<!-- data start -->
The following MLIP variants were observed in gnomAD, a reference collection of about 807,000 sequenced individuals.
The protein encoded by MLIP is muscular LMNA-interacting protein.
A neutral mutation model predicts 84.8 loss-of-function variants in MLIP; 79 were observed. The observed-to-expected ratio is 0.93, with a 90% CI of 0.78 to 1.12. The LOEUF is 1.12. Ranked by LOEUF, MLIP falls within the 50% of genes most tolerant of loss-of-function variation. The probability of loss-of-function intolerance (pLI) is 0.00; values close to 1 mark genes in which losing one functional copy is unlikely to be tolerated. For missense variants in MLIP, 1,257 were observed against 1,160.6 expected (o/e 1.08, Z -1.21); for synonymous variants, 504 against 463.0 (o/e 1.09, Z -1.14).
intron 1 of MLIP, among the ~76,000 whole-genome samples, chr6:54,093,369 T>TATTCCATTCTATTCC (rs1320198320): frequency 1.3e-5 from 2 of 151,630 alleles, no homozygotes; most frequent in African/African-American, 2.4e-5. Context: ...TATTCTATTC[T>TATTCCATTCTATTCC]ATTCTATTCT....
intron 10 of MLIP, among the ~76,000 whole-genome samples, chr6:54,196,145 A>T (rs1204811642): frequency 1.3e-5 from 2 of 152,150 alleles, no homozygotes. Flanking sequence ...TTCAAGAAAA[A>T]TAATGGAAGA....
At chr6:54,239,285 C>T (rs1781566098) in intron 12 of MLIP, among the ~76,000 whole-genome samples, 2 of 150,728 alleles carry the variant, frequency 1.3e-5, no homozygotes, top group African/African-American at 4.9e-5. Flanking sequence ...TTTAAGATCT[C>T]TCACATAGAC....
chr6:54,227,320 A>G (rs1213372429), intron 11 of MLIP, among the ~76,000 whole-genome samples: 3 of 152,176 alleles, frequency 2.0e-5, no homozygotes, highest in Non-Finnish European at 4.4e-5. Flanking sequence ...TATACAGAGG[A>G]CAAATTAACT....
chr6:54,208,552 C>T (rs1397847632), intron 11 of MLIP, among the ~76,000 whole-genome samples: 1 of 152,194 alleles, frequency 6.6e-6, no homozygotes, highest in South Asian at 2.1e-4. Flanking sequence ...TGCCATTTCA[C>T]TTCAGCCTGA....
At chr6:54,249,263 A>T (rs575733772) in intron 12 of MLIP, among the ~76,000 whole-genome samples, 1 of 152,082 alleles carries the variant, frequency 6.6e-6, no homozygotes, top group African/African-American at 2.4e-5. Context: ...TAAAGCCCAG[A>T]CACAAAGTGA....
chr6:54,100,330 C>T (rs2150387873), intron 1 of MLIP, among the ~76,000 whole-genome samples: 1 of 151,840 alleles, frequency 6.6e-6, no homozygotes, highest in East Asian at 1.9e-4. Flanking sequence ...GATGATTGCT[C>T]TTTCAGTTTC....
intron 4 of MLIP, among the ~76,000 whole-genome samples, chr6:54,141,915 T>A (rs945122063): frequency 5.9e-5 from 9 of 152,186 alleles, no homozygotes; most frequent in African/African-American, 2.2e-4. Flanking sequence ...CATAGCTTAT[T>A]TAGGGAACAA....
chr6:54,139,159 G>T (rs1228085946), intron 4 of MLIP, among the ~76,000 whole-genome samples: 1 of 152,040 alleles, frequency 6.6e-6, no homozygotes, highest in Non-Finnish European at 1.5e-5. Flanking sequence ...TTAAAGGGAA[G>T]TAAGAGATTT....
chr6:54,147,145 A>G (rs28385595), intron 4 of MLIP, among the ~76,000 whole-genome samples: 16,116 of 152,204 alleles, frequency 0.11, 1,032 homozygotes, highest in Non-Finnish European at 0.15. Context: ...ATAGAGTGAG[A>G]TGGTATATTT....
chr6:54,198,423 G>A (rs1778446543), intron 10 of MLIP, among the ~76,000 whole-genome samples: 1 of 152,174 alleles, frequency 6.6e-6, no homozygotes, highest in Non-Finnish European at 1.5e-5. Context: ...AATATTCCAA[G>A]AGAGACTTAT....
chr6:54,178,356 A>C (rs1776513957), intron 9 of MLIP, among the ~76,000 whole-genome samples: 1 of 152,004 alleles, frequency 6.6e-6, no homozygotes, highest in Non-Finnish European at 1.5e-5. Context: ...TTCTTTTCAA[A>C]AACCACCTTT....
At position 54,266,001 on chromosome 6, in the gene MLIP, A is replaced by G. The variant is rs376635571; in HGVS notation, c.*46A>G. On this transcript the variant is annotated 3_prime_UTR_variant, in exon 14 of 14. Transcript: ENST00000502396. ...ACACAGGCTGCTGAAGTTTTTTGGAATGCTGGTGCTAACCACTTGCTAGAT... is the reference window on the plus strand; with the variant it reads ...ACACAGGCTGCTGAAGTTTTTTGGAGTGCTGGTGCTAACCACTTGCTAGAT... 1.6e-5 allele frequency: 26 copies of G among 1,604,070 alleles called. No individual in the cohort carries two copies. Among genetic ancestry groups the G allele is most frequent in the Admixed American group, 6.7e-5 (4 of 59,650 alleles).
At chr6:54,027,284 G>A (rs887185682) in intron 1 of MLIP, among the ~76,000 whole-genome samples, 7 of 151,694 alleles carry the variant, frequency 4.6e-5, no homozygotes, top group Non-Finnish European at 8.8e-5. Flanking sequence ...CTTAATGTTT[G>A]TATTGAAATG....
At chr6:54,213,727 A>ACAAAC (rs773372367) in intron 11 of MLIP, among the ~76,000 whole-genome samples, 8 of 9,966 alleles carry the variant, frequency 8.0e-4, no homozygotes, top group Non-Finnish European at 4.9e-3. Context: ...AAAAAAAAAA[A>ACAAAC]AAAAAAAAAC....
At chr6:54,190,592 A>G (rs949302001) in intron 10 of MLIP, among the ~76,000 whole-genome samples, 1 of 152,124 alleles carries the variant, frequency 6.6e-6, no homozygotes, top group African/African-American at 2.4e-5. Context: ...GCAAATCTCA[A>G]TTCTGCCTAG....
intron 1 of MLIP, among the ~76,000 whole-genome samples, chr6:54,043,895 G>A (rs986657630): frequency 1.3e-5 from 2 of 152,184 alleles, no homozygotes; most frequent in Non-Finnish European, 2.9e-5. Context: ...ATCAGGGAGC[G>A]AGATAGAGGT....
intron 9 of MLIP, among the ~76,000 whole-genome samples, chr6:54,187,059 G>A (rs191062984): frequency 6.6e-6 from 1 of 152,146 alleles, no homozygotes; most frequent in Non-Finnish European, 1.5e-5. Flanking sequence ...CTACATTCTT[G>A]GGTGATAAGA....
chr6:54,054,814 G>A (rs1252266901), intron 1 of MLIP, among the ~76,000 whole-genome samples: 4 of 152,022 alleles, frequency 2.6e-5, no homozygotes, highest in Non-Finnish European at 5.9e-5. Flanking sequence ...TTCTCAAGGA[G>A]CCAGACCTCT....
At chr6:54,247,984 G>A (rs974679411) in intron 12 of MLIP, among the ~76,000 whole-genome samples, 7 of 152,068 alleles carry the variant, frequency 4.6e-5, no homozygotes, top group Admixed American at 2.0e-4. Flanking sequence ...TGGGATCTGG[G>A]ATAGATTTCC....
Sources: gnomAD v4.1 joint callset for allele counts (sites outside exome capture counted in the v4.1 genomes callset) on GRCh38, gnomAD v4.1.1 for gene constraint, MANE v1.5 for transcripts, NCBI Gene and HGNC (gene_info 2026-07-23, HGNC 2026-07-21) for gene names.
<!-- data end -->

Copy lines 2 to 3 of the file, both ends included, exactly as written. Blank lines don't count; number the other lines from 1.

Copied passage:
The protein encoded by MLIP is muscular LMNA-interacting protein.
A neutral mutation model predicts 84.8 loss-of-function variants in MLIP; 79 were observed. The observed-to-expected ratio is 0.93, with a 90% CI of 0.78 to 1.12. The LOEUF is 1.12. Ranked by LOEUF, MLIP falls within the 50% of genes most tolerant of loss-of-function variation. The probability of loss-of-function intolerance (pLI) is 0.00; values close to 1 mark genes in which losing one functional copy is unlikely to be tolerated. For missense variants in MLIP, 1,257 were observed against 1,160.6 expected (o/e 1.08, Z -1.21); for synonymous variants, 504 against 463.0 (o/e 1.09, Z -1.14).